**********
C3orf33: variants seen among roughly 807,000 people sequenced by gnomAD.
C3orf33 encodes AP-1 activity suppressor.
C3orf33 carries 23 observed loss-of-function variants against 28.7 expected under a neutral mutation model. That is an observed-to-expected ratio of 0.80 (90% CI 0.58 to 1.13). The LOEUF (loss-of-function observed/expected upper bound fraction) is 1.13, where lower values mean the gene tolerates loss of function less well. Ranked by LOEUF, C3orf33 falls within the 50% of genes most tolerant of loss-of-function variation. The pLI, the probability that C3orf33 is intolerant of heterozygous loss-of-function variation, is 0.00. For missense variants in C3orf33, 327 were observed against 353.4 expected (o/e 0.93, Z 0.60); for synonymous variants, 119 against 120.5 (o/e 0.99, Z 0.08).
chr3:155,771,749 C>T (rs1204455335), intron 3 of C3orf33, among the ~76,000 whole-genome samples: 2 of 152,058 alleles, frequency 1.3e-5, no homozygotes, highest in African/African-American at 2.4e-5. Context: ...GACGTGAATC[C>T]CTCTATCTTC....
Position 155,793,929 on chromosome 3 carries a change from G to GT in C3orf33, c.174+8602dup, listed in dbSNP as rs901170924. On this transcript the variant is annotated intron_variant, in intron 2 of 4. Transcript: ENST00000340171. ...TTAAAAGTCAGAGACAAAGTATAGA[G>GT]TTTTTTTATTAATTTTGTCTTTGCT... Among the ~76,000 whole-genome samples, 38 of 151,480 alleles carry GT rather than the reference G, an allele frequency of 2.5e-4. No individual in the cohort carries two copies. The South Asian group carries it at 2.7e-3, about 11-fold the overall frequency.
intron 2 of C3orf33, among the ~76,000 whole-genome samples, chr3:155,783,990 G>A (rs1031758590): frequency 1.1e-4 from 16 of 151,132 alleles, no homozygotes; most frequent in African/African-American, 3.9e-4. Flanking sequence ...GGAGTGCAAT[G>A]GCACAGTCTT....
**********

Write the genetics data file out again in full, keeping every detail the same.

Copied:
C3orf33: variants seen among roughly 807,000 people sequenced by gnomAD.
C3orf33 encodes AP-1 activity suppressor.
C3orf33 carries 23 observed loss-of-function variants against 28.7 expected under a neutral mutation model. That is an observed-to-expected ratio of 0.80 (90% CI 0.58 to 1.13). The LOEUF (loss-of-function observed/expected upper bound fraction) is 1.13, where lower values mean the gene tolerates loss of function less well. Ranked by LOEUF, C3orf33 falls within the 50% of genes most tolerant of loss-of-function variation. The pLI, the probability that C3orf33 is intolerant of heterozygous loss-of-function variation, is 0.00. For missense variants in C3orf33, 327 were observed against 353.4 expected (o/e 0.93, Z 0.60); for synonymous variants, 119 against 120.5 (o/e 0.99, Z 0.08).
chr3:155,771,749 C>T (rs1204455335), intron 3 of C3orf33, among the ~76,000 whole-genome samples: 2 of 152,058 alleles, frequency 1.3e-5, no homozygotes, highest in African/African-American at 2.4e-5. Context: ...GACGTGAATC[C>T]CTCTATCTTC....
Position 155,793,929 on chromosome 3 carries a change from G to GT in C3orf33, c.174+8602dup, listed in dbSNP as rs901170924. On this transcript the variant is annotated intron_variant, in intron 2 of 4. Transcript: ENST00000340171. ...TTAAAAGTCAGAGACAAAGTATAGA[G>GT]TTTTTTTATTAATTTTGTCTTTGCT... Among the ~76,000 whole-genome samples, 38 of 151,480 alleles carry GT rather than the reference G, an allele frequency of 2.5e-4. No individual in the cohort carries two copies. The South Asian group carries it at 2.7e-3, about 11-fold the overall frequency.
intron 2 of C3orf33, among the ~76,000 whole-genome samples, chr3:155,783,990 G>A (rs1031758590): frequency 1.1e-4 from 16 of 151,132 alleles, no homozygotes; most frequent in African/African-American, 3.9e-4. Flanking sequence ...GGAGTGCAAT[G>A]GCACAGTCTT....